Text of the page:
Zimbabwe secures 100 MW from Mozambique

ENERGY and Power Development Minister Fortune Chasi says Zimbabwe has sealed a deal with the Hidroeléctrica de Cahora Bassa (HCB), an IPP owned by the Mozambican government, which will see Zimbabwe purchasing an additional 100 MW of energy to ease an energy crisis that has affected homes, businesses, and institutions in Zimbabwe over the past six months.

Chasi says he met with his Mozambican counterpart Max Tonela in Maputo last week, where the deal was signed.

The deal will however only provide slight and non-significant relief for Zimbabwe whose power shortages have been exacerbated by low electricity generation at Kariba North and South amid concerns over fast receding lake water levels due to drought in the dam’s catchment areas.

But even at the current reduced power output levels, the two hydro power stations at Lake Kariba for Zimbabwe and Zambia still release significant amounts of water, which have worsened the situation at the already overflowing Cahora Bassa Hydro Electric Dam.

In May this year, Cahora Bassa had to increase discharges into downstream Zambezi River in order to safeguard Mozambique’s largest, most efficient and main source of hydro electric power supply as levels in the reservoir have been fast rising.

Zimbabwe and Zambia generate power on the northern and southern banks of the Lake Kariba wall and share equally water from the world’s largest man-made inland lake, which is however receding fast following the drought last season.

The Zambezi River Authority has since rationed water consumption by Zimbabwe and Zambia’s power utilities, ZESCO and ZESA, which will see them generating at prescribed thresholds, 358 megawatts for Zimbabwe and 392MW for Zambia.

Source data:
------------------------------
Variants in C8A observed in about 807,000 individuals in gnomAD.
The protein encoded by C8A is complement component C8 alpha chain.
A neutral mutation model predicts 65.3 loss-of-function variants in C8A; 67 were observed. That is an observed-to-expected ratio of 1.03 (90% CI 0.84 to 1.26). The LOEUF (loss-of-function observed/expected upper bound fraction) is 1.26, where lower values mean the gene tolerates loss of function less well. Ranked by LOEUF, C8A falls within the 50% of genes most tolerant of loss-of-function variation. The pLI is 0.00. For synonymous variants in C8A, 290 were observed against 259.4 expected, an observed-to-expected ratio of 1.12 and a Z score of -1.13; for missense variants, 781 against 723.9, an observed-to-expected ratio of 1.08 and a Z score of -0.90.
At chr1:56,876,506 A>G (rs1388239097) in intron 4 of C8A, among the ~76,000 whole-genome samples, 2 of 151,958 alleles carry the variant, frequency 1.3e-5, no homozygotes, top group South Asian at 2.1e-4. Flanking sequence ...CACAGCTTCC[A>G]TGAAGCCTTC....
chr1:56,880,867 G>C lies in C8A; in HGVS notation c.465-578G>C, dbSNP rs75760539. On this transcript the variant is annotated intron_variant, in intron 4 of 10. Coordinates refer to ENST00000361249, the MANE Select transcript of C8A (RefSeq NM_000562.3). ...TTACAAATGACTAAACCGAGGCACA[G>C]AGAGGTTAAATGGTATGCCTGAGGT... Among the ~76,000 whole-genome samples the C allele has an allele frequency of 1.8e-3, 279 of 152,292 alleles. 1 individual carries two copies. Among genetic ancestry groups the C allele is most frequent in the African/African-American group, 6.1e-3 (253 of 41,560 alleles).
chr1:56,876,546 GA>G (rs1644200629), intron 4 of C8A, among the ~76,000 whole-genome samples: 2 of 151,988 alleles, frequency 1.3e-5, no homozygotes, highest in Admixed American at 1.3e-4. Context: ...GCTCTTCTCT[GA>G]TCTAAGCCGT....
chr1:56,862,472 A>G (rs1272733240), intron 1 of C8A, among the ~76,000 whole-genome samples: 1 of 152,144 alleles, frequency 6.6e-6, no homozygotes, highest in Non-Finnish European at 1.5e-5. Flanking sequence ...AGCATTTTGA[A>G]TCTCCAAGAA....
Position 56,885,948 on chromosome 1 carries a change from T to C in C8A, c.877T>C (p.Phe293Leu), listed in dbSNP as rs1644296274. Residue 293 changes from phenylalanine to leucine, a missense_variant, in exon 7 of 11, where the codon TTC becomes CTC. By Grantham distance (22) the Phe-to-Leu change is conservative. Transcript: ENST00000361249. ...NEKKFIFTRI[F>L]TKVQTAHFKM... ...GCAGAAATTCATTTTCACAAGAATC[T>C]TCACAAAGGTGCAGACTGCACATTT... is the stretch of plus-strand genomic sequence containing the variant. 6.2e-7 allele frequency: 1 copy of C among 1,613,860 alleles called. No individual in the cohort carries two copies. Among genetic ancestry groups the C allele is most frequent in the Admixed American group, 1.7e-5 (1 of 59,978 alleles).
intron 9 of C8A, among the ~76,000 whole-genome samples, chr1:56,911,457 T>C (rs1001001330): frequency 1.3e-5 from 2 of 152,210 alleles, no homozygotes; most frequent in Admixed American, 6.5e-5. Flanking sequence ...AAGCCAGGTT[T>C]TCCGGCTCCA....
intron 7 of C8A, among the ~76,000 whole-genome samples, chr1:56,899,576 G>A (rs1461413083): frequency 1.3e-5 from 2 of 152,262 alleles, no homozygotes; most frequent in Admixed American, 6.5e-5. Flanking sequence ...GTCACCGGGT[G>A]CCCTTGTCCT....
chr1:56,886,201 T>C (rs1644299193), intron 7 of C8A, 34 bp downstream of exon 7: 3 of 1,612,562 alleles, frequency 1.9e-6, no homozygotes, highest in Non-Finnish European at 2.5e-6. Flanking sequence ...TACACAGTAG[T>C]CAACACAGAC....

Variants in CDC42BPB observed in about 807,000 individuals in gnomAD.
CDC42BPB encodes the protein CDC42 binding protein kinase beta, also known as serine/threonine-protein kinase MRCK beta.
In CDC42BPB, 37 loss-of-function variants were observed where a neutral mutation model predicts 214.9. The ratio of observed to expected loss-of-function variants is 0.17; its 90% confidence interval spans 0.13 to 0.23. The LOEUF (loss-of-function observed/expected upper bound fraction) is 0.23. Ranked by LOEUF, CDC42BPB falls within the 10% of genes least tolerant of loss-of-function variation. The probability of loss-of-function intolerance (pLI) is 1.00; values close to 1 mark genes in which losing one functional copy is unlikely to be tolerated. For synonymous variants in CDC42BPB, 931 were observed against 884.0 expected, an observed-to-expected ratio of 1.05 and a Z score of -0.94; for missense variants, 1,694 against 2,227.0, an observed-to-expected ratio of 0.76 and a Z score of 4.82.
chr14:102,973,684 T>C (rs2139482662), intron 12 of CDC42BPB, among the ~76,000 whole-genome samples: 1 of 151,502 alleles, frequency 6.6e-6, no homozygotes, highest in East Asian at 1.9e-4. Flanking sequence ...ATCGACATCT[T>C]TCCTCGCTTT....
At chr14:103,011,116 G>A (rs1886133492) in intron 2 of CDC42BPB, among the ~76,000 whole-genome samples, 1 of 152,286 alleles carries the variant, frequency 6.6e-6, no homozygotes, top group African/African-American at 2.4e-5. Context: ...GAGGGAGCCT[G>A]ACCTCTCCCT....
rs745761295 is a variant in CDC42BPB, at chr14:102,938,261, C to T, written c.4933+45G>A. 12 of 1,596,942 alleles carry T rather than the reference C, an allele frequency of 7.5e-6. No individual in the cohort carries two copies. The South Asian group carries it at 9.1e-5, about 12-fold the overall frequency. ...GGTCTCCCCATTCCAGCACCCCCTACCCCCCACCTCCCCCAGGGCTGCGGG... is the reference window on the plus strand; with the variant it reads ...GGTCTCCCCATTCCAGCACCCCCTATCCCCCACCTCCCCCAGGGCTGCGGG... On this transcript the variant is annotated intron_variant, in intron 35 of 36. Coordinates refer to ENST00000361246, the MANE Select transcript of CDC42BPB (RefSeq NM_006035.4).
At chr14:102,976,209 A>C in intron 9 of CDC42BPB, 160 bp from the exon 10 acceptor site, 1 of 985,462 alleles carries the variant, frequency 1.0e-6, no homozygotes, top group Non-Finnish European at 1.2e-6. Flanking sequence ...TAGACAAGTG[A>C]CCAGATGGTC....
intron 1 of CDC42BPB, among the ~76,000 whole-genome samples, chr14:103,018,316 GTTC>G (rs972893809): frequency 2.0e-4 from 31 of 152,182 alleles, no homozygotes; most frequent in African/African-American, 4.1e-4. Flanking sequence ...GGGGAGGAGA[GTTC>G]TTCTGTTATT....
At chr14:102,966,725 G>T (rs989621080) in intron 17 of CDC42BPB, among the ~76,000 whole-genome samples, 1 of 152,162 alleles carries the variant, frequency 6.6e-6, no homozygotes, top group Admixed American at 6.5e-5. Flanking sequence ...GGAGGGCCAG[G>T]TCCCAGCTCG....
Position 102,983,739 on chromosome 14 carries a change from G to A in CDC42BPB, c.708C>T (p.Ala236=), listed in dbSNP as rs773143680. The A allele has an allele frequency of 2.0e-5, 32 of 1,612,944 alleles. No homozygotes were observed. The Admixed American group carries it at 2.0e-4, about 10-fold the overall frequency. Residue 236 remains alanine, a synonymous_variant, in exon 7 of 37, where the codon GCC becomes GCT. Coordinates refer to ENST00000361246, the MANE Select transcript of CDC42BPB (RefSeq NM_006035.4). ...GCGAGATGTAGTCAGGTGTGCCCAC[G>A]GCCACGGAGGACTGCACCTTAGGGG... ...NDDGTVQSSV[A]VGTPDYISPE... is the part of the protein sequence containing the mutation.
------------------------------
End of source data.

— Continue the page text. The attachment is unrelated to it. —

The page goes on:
ZRA administers the affairs of Lake Kariba and Zambezi River on behalf of the riparian states, Zimbabwe and Zambia, straddled by the river stretching up as far as north western Zambia, where it begins its journey of 2 700 kilometres.

Mozambique, which operates the largest hydro power scheme in the region, is experiencing serious challenges dealing with dam overflow at Cahora Bassa Hydro Electric Dam following two recent powerful tropical cyclones.

Zimbabwe and Zambia have started electricity-supply restrictions following one of the worst droughts on record caused plunging water levels at the hydro-power dams it relies on for almost all its supplies, the state-owned power utility said.

The two countries depend heavily on the Lake Kariba for power, with Zimbabwe having rated capacity of 1 050 megawatts while Zambia can churn out a maximum of 1 080 megawatts from the US$5 billion giant water reservoir.

If power generation is unrestricted, the Kariba Dam that has maximum operating water level of 485 metres and minimum level of 475,5 metres and with reservoir’s water level at 480 metres and receding fast, risks depletion.


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